1Royal Netherlands Meteorological Institute (KNMI), Utrechtseweg 297, 3731 GA De Bilt, the Netherlands
2University of Otago, 364 Leith Walk, Dunedin, 9016, New Zealand
3University of California Santa Cruz (UCSC), 1156 High Street, Santa Cruz, CA 95064, USA
4Royal Netherlands Institute for Sea Research (NIOZ), Landsdiep 4, 1797 SZ 't Horntje, Texel, the Netherlands
5University of Groningen (RUG), Postbus 72, 9700 AB Groningen, the Netherlands
6Laboratoire des Sciences du Climat et de l'Environnement (LSCE), LSCE-Orme, point courrier 129, CEA-Orme des Merisiers, 91191 Gif-sur-Yvette Cedex, France
7University of Liverpool, 4 Brownlow Street, Liverpool L69 3GP, UK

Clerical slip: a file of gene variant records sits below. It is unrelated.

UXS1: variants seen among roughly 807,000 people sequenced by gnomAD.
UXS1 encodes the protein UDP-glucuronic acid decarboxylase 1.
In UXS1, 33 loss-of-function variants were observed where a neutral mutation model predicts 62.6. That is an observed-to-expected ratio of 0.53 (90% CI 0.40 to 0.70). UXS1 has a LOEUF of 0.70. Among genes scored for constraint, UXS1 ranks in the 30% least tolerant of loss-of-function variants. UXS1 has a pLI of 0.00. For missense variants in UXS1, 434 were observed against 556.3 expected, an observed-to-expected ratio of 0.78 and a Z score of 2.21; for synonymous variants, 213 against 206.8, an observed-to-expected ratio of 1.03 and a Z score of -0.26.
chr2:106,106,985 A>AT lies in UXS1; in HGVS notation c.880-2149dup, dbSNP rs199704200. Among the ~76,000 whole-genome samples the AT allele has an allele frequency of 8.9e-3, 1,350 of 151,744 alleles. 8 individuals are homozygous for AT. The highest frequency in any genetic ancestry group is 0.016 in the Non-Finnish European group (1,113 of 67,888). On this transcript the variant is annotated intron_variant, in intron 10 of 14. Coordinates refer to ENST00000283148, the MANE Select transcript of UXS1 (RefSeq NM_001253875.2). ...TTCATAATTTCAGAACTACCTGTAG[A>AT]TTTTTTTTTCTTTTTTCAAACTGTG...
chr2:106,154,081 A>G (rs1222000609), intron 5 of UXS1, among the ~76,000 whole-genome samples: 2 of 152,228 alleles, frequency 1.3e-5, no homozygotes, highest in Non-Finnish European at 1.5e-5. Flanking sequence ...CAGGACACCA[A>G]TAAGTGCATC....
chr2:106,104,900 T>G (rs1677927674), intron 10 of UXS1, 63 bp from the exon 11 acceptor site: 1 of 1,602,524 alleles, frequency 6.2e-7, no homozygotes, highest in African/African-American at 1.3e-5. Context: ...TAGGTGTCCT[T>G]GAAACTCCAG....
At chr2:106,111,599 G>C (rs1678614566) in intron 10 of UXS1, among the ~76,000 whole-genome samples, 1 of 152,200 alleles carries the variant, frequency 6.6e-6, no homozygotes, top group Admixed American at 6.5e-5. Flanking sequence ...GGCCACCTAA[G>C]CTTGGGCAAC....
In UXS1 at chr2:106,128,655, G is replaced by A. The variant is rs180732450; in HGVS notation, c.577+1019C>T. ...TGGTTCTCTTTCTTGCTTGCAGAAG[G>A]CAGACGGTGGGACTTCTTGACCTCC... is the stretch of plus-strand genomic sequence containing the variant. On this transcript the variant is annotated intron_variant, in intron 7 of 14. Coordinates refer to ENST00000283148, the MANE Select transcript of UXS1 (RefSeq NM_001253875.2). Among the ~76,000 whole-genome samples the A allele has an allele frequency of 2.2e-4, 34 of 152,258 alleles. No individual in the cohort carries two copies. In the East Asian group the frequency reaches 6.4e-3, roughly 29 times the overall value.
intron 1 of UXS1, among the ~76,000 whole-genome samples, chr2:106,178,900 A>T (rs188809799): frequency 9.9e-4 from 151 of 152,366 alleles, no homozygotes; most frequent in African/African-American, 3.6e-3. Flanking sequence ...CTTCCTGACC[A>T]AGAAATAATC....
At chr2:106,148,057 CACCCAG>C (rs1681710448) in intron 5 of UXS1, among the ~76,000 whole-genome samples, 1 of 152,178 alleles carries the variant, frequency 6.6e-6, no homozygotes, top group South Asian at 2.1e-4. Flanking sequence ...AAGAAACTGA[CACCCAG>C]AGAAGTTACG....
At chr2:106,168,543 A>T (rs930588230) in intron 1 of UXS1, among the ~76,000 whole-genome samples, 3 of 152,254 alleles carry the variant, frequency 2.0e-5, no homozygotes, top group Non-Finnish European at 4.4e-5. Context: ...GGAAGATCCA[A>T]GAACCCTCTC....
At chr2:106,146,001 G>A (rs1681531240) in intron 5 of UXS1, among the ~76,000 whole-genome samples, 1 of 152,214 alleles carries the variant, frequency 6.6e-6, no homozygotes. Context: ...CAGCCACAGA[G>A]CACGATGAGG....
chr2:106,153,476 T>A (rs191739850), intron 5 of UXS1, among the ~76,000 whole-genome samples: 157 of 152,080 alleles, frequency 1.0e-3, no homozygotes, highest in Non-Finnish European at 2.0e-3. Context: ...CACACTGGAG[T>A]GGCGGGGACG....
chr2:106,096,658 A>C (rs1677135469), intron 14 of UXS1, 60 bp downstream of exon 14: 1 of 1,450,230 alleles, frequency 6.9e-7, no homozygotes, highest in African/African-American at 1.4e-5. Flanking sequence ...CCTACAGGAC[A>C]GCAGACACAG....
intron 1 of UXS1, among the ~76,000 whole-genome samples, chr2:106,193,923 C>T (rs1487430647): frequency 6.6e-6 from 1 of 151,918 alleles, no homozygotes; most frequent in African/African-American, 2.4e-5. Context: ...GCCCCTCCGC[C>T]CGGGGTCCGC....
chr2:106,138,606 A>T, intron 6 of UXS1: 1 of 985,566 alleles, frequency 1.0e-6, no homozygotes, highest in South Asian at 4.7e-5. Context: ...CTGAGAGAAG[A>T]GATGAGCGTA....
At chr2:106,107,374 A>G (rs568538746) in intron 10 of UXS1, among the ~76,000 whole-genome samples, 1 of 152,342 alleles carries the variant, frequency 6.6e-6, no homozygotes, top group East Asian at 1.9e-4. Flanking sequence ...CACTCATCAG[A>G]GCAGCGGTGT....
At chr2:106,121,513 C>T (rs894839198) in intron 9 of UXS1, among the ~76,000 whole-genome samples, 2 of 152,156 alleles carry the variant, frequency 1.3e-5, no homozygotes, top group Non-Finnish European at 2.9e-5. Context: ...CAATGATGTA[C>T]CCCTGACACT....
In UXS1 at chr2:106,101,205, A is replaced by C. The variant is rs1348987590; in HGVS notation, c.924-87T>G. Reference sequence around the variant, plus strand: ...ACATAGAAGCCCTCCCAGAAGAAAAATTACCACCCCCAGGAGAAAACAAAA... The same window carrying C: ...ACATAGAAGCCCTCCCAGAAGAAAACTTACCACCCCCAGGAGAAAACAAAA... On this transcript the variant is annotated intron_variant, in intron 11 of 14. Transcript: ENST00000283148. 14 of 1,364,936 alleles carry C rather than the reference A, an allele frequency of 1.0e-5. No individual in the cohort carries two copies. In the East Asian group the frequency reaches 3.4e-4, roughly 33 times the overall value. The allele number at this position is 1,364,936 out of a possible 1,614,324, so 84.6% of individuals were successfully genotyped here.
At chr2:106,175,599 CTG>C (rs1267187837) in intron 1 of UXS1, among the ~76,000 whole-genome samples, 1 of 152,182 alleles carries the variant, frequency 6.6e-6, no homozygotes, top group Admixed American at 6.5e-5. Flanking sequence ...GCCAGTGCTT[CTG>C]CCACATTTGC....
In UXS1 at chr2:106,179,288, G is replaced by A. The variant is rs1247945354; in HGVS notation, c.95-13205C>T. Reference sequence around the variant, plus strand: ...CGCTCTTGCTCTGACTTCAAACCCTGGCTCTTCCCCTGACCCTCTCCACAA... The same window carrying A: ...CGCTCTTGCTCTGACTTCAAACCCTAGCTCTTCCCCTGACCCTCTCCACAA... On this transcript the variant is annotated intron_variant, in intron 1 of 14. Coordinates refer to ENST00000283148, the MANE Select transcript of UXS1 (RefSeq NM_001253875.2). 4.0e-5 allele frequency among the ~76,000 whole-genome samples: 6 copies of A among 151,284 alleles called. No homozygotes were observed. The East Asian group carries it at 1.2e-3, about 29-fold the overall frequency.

Abstract. The distribution of dissolved aluminium (Al) in the ocean is of interest because of its potential impact on diatom remineralisation and the use of surface ocean Al as a tracer for dust. Previously, the ocean Al concentration has been simulated reasonably well with only a dust source and scavenging as the removal process. In this study the simulation has been significantly improved by a more refined circulation and the addition of a sediment resuspension source. The latter confirms that the most significant sources of Al to the ocean are dust deposition and sediment resuspension. Simulations with biological incorporation have been performed as well. These show that this can be an important removal process. However, this study does not provide a definitive answer to the question what the relative amount of incorporation is compared to scavenging.